In dubio pro reo. – a prudential principle of Roman law

The courts of the ancient Hebrews refused to convict an accused unless all but one of the justices submitted a vote of guilty. If there was unanimity in the call for conviction, the defendant was let go. This is odd in light of the established legal view as well as the folk intuition, which says that unanimity is desirable and should be required for a conviction.

Once the contra-unanimity rule appeared in the tractate Sanhedrin (from the Greek “synhedrion,” sitting together, assembly) of the Babylonian Talmud, the Jewish sages and legal scholars have struggled to rationalize their puzzlement. Why would the authoritative book of laws endorse such a patently irrational rule? Among the offered opinions is the idea that a transgressor who receives a unanimous verdict is so obviously guilty and beyond redemption that it is not for humans to mete out punishment. Only the deity can. Another idea is that unanimity raises the specters of collusion and groupthink. Perhaps the judges had it in for the defendant on grounds beyond the evidence, and this should count in his (or her) favor.

The theological argument is not compelling psychologically or even on its own theological grounds. If it must be left to God to punish those who are guilty beyond human doubt, then why punish (or release) those where the humans are not entirely sure? The social psychological argument is not compelling either, for if the judges wish to collude and if they wish to see the accused executed, it is a trivial task for them to generate n – 1 guilty votes.

Are we stuck? In my opinion, the linguistic interpretation of this dilemma is most compelling. Rabbi Meir Halevi Abulafia, the “RaMah,” suggested that the Talmudic expression does not refer to the defendant being released, but to being sent away for immediate execution (Glatt, 2013). In this view, there is no dilemma. Yet, as sages and scholars debate the issue to the present day, it should be taken seriously. To a psychologist, the question is how a panel of judges, jurors, or any group of voters, might achieve a desired aggregate outcome short of unanimity, especially when they are barred from deliberation.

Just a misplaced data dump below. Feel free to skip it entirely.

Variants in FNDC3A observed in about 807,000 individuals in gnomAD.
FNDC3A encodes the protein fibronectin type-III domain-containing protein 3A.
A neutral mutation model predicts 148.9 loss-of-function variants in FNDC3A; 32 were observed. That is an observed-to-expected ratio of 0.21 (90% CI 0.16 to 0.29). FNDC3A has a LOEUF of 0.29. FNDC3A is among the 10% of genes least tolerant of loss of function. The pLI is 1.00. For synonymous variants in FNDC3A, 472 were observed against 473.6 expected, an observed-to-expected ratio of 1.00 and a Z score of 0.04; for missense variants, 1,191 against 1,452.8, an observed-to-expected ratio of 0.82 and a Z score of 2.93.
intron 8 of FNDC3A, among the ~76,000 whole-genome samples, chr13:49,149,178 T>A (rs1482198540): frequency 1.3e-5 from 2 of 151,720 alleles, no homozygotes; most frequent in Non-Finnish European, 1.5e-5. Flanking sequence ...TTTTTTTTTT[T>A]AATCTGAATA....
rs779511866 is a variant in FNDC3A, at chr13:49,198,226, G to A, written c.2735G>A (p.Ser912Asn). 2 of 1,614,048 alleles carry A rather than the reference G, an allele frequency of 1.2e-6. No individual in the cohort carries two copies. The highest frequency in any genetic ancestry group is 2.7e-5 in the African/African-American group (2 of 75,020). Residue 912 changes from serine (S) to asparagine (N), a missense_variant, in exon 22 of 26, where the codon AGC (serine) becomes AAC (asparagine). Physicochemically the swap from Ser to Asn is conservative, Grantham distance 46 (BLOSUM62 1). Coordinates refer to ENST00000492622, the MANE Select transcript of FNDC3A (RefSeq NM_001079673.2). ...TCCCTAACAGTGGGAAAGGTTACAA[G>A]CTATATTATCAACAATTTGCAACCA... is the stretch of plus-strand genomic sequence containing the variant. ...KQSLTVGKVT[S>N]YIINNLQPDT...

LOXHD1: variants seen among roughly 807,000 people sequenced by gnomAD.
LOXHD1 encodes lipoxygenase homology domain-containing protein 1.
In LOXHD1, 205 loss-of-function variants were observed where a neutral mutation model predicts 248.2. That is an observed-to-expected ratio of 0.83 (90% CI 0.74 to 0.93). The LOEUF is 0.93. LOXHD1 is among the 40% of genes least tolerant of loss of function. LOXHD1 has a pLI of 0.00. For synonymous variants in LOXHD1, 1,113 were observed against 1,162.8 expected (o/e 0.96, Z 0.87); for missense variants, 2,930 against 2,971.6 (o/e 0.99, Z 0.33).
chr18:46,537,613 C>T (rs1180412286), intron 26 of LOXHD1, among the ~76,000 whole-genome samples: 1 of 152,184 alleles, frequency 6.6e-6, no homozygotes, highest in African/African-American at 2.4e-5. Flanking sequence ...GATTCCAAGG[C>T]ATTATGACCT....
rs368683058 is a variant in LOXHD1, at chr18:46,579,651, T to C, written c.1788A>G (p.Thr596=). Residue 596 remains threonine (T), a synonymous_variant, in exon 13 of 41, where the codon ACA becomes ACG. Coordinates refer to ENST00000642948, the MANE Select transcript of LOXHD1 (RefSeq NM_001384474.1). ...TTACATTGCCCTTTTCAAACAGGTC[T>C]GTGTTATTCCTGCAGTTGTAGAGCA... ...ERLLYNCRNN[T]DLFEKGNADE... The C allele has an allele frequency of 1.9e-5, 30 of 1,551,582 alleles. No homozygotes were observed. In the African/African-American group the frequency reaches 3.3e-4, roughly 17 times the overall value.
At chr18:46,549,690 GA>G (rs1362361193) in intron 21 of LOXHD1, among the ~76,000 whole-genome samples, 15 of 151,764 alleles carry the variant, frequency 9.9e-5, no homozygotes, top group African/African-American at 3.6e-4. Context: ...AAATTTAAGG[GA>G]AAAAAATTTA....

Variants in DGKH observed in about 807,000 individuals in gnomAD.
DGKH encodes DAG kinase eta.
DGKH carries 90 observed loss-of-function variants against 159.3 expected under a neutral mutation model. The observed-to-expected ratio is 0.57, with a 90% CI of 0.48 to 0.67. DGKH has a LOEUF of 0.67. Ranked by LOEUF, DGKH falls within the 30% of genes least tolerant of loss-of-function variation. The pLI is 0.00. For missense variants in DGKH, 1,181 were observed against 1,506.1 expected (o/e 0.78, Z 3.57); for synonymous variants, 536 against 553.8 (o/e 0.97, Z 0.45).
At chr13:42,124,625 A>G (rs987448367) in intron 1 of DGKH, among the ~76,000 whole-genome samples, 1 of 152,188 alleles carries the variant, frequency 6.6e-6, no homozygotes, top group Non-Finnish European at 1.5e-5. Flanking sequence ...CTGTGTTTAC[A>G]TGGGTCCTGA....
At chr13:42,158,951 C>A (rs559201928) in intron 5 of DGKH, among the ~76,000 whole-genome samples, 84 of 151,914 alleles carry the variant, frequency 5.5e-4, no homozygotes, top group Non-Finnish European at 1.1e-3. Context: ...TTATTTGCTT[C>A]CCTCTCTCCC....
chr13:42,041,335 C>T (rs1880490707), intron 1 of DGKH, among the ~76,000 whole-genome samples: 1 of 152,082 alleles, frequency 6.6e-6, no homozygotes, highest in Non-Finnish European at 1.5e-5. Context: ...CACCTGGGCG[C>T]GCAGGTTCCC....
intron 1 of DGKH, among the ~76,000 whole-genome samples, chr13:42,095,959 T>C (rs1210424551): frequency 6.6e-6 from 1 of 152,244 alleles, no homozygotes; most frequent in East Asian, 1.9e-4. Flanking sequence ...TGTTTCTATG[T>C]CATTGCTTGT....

Bernoulli’s proof

Source: Peyam Tabrizian

Suppose you sit on a panel and you learn that a desired action will only be taken if all but one panelist endorses it. With what probability would you vote for it? Following Jacob Bernoulli, a godfather of frequentist statistics (Clayton, 2022), we can apply binomial calculus to find the maximum probability of having k out of n votes of guilt, where n is the number of judges. This probability is highest if each independent judge votes “yes” with a probability of k/n. Figure 1 shows the proof as worked out by Dr. Peyam Tabrizi. ChatGPT produced the same result (personal communication, Dr. Daniel Villiger).

Figure 2, generated by Dr. Johannes Ullrich, shows the distributions of the probability of a group’s guilty verdict for different values of k and n = 10. The curve that has its maximum to the far right of the graph shows the results for k = 9. We see that even in this case, the maximum probability of a group verdict is below .4.

The probability of a collective guilty verdict as a function of the individual’s probability of voting guilty for k from 1 to 9 and group size n = 10

Source: Johannes Ullrich